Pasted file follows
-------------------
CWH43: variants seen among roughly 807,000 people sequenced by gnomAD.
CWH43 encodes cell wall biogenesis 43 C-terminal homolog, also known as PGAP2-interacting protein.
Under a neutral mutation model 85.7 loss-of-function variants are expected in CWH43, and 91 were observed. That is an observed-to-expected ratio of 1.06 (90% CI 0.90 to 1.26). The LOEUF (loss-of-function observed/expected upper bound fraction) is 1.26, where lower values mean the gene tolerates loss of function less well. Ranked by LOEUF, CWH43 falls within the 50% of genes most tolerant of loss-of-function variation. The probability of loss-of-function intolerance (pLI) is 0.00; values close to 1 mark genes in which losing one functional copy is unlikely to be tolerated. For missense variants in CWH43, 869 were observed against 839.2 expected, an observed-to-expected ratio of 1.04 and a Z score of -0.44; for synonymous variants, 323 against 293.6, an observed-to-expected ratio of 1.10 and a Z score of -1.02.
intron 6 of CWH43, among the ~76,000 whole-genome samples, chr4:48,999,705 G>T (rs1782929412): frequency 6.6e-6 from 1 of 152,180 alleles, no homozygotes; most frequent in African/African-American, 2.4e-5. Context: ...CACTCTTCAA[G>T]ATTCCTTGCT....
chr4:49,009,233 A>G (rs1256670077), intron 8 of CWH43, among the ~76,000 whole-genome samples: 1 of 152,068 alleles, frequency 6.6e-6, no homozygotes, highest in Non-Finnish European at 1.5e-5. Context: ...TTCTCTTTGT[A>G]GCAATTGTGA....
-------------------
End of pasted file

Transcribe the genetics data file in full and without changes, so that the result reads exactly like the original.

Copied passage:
CWH43: variants seen among roughly 807,000 people sequenced by gnomAD.
CWH43 encodes cell wall biogenesis 43 C-terminal homolog, also known as PGAP2-interacting protein.
Under a neutral mutation model 85.7 loss-of-function variants are expected in CWH43, and 91 were observed. That is an observed-to-expected ratio of 1.06 (90% CI 0.90 to 1.26). The LOEUF (loss-of-function observed/expected upper bound fraction) is 1.26, where lower values mean the gene tolerates loss of function less well. Ranked by LOEUF, CWH43 falls within the 50% of genes most tolerant of loss-of-function variation. The probability of loss-of-function intolerance (pLI) is 0.00; values close to 1 mark genes in which losing one functional copy is unlikely to be tolerated. For missense variants in CWH43, 869 were observed against 839.2 expected, an observed-to-expected ratio of 1.04 and a Z score of -0.44; for synonymous variants, 323 against 293.6, an observed-to-expected ratio of 1.10 and a Z score of -1.02.
intron 6 of CWH43, among the ~76,000 whole-genome samples, chr4:48,999,705 G>T (rs1782929412): frequency 6.6e-6 from 1 of 152,180 alleles, no homozygotes; most frequent in African/African-American, 2.4e-5. Context: ...CACTCTTCAA[G>T]ATTCCTTGCT....
chr4:49,009,233 A>G (rs1256670077), intron 8 of CWH43, among the ~76,000 whole-genome samples: 1 of 152,068 alleles, frequency 6.6e-6, no homozygotes, highest in Non-Finnish European at 1.5e-5. Context: ...TTCTCTTTGT[A>G]GCAATTGTGA....